5. Gui Boratto – Arquipélago EP (K2 Records)
Sometimes minimal techno records feel like there's nothing happening at first, and then inexplicably you end up listening to the whole thing, lost somewhere on the astral plane. I couldn't think of a simpler, Chicago-influenced bassline and arrangement, and yet it the lightest touches make this work. Its like it has magical powers over me. The next thing I know the song is over and I have a room full of people looking at me and another record to queue up. Well, not yet, thankfully, but it could happen.
6. Marc Romboy vs Matthias Tanzman – Who Got The Beats EP (Giant Wheel Records)
This was one of those records I almost passed on getting because it sounded too straightforward and boring at first, quick listen. I'm glad I reconsidered because both sides of this EP has received heavy play by me. The A side is a simple, but effective electronic house track that builds on a theme of a simple buzzy keyboard riff and an odd spoken hip-hop sample. Its a club track in the right ways. The Tanzman remix on the B side brings a clicky sophistication to the mix with deep sub bass, eschewing most of the spoken word sample.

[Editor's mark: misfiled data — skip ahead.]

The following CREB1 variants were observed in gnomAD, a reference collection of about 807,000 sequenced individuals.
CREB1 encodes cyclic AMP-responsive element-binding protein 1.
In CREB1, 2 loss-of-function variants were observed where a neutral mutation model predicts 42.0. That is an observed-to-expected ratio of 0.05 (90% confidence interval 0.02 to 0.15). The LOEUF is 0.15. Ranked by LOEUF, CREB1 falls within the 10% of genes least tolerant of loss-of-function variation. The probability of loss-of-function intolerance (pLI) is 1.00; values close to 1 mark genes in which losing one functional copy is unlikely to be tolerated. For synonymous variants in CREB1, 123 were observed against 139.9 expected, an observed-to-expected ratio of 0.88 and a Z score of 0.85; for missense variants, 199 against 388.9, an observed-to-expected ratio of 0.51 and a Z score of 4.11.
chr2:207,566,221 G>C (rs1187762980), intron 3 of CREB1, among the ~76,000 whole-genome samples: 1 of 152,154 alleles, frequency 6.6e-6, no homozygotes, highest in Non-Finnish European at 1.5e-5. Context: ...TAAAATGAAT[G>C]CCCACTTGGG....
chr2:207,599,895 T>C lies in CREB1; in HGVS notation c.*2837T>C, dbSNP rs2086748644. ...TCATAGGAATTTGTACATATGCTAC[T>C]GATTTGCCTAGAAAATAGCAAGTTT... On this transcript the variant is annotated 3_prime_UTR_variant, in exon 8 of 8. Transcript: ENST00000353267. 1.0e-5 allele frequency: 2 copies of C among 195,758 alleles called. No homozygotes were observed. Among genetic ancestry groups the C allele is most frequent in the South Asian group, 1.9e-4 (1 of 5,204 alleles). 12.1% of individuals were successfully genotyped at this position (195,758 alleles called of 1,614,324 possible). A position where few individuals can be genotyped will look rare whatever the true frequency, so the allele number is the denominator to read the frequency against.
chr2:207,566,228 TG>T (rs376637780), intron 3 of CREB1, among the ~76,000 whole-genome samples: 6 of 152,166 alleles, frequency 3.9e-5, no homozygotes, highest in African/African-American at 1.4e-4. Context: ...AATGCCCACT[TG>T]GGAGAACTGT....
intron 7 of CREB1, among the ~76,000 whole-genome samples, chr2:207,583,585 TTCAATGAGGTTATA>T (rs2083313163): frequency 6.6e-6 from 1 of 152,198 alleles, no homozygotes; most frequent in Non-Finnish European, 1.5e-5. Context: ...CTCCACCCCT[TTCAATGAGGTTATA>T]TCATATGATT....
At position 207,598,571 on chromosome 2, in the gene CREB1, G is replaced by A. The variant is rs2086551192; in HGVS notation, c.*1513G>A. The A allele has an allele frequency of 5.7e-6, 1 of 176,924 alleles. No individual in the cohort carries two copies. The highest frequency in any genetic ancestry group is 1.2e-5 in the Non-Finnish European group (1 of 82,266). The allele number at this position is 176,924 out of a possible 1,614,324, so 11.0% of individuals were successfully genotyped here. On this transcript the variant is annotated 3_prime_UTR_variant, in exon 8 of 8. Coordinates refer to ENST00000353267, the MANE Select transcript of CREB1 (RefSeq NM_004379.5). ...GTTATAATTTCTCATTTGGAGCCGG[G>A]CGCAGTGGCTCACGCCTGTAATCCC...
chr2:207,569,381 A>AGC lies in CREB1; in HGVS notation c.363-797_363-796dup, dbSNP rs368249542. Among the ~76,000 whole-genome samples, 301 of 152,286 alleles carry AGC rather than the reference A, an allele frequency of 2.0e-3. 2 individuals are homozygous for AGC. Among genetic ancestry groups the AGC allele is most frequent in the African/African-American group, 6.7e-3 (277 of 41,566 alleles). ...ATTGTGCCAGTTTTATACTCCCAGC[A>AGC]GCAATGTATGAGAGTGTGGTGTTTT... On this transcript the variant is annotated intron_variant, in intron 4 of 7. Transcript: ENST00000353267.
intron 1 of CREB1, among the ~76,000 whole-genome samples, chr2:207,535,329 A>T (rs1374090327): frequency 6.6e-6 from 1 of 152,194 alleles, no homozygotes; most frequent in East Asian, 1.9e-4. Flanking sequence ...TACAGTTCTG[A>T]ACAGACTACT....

7. Christopher Just – "I'm a Disco Dancer" Remixes (International DJ Gigolos)
Why DJ Hell decided to get some remixes done of 1997's "I'm a Disco Dancer (and a Sweet Romancer)" is beyond me, except I'm glad he did. My friend John Tejada provides one mix, featuring the talents of Qzen, Southern California's answer to Miss Kitten. One thing you can say about John is that he's reliable, and this song does not disappoint. Its sort of like John put the original through the John Tejada machine: it has his crisp sound and a similar arrangement to his last few big floor-fillers, like Paranoia and Triad Jack. Plus, that vocal always makes me smile. Misc. does the duties on the other side and brings a harder edge to the original. I feel like these guys are on a mission to show the world what a sawtooth sound wave sounds like because they sure do like 'em. It's a good thing I do, too.
8. Sharon Phillips – "Want 2/Need 2" (Trentmøller Remix) (Brickhouse Records)
Everyone is on Trentmøller's dick right now, and this remix shows why. Holy cow, he pulled this one out of his ass. Trentmøller is mostly know for well crafted, spaced out minimal techno work on Poker Flat Records. This remix is above and beyond.This is the sort of remix I'd love to be able to make. He takes the rap from the bridge of the forgettable original track and turns it into a frenetic, chopped-up Missy Elliot party jam. He even samples the "Mardi Gras (aka Rock the Bells)" break. Huh?